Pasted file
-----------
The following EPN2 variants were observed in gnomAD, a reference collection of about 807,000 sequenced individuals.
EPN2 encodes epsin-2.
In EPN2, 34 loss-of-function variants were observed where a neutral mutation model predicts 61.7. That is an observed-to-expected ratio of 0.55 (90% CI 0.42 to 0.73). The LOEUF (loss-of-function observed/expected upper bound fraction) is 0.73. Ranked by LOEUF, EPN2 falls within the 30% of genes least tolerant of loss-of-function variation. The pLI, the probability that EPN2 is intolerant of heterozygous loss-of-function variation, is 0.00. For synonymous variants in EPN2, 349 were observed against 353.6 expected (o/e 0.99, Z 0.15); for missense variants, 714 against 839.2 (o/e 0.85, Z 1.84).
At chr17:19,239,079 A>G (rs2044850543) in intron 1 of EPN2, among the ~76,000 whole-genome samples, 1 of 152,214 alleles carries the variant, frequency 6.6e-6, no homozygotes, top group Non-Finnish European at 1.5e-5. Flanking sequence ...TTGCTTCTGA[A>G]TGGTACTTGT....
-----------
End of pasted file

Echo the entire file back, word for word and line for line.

The following EPN2 variants were observed in gnomAD, a reference collection of about 807,000 sequenced individuals.
EPN2 encodes epsin-2.
In EPN2, 34 loss-of-function variants were observed where a neutral mutation model predicts 61.7. That is an observed-to-expected ratio of 0.55 (90% CI 0.42 to 0.73). The LOEUF (loss-of-function observed/expected upper bound fraction) is 0.73. Ranked by LOEUF, EPN2 falls within the 30% of genes least tolerant of loss-of-function variation. The pLI, the probability that EPN2 is intolerant of heterozygous loss-of-function variation, is 0.00. For synonymous variants in EPN2, 349 were observed against 353.6 expected (o/e 0.99, Z 0.15); for missense variants, 714 against 839.2 (o/e 0.85, Z 1.84).
At chr17:19,239,079 A>G (rs2044850543) in intron 1 of EPN2, among the ~76,000 whole-genome samples, 1 of 152,214 alleles carries the variant, frequency 6.6e-6, no homozygotes, top group Non-Finnish European at 1.5e-5. Flanking sequence ...TTGCTTCTGA[A>G]TGGTACTTGT....